Species: Dogs, Ferret
An innovative hormone implant, licensed for use in entire male dogs and ferrets, to provide temporary castration.
Suprelorin is an easy-to-use subcutaneous implant which is a peptide-based contraceptive implant containing the GnRH-agonist deslorelin. This means that its slow release of hormone causes an interruption of the hypothalamic-pituitary axis, supressing both LH and FSH production. In entire male dogs, this causes a suppression in testosterone production from the testes and gives a reduction in libido, temporary infertility, absence of spermatogenesis and reduction in testicular size. The implant comes in two strengths and lasts for at least 6 months (4.7mg implant) or 12 months (9.4mg implant) in dogs and at least 16 months but up to 4 years (9.4mg implant) in ferrets.
Suprelorin provides a safe and reversible way to castrate dogs for a range of reasons:
- owners who want to try castration and make sure they are happy with the effect;
- owners who want the health and lifestyle benefits of castration without a permanent surgical procedure;
- breeders who want to have multiple entire dogs in their household but select which they use as a sire;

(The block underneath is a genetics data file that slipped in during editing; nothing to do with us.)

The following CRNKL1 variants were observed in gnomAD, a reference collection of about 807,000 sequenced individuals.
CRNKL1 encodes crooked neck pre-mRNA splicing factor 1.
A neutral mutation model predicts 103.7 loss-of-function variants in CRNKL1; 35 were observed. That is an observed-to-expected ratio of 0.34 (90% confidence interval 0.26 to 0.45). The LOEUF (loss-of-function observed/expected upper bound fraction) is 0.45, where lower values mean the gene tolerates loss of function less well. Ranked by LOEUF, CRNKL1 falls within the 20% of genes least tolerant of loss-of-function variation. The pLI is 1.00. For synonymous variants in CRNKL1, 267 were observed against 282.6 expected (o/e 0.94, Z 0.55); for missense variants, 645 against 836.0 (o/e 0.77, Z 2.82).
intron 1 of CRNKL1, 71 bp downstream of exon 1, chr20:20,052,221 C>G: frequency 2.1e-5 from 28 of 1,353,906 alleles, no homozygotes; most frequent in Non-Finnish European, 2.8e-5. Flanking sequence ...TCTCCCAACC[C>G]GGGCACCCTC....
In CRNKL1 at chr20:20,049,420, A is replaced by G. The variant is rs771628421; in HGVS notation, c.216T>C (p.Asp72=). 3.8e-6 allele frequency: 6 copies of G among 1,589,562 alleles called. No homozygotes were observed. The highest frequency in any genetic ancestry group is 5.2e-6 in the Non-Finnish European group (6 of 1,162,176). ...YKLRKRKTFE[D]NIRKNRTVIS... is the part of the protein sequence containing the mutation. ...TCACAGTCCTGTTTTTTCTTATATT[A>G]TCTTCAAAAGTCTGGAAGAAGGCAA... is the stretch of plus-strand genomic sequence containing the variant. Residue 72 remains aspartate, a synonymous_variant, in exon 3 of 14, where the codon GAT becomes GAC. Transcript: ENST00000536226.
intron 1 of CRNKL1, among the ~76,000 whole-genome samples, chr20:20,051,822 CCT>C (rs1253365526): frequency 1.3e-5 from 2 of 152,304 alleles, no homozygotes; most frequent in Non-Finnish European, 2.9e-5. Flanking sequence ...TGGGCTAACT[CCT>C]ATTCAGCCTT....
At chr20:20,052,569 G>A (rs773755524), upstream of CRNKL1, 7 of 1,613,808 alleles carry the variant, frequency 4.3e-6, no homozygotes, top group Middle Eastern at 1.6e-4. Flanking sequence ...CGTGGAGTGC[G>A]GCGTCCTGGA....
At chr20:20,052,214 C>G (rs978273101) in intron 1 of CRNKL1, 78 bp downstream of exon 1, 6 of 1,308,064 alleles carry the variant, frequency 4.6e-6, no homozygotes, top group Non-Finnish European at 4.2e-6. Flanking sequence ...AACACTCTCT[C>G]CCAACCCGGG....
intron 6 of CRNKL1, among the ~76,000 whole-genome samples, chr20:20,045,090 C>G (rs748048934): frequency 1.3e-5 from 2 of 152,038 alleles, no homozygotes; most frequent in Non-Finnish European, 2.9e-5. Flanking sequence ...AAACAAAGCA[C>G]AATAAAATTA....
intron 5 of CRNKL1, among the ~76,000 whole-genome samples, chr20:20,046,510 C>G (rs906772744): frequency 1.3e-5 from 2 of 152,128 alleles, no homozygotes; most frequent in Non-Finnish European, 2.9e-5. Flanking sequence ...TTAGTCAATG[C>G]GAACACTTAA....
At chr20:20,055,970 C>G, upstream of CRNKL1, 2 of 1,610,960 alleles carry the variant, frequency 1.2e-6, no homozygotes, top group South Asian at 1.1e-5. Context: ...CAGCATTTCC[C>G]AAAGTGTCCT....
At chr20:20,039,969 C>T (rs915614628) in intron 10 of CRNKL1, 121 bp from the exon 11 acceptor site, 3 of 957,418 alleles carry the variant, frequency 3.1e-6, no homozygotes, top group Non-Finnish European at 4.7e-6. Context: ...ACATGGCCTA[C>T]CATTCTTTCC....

- dogs who are in training and owners want the effect of castration but might want to breed from them at a later date;
- many others.
Additional tools and information include:
1. VIDEO: ‘An alternative to surgical castration provides a choice to pet owners’
A new video produced in conjunction with the British Veterinary Association (BVA) and ITN, as part of the ground-breaking ‘Veterinary View’ series, seeks to show that medical castration can offer an appropriate solution in many types of cases and can bring additional benefits to both the patient and to the practice.
1. An alternative to surgical castration provides a choice to pet owners
2. Study looking at attitudes to castration in vets
The above video follows publication of a study* in 2016 which surveyed 411 vets looking at attitudes to castration. It showed 76% of those questioned recommended neutering as a routine procedure for all male dogs, whilst only 52% said they offered clients alternatives to surgical neutering. The study was carried out by Dr Vicki Adams MRCVS, a veterinary epidemiology consultant, and was supported by Virbac. Commenting, she said: “The survey showed that, while most vets recommended permanent neutering as a routine procedure, more than 90% also agreed that medical castration was an option when an owner wants to assess whether castration will improve a male dog’s behaviour.”
Full information on the study
*Attitudes to and opinions of neutering in dogs: Results of a Canine Reproduction Survey of Veterinary Surgeons, Vicki J Adams BSc (Agr) DVM MSc PhD MRCVS.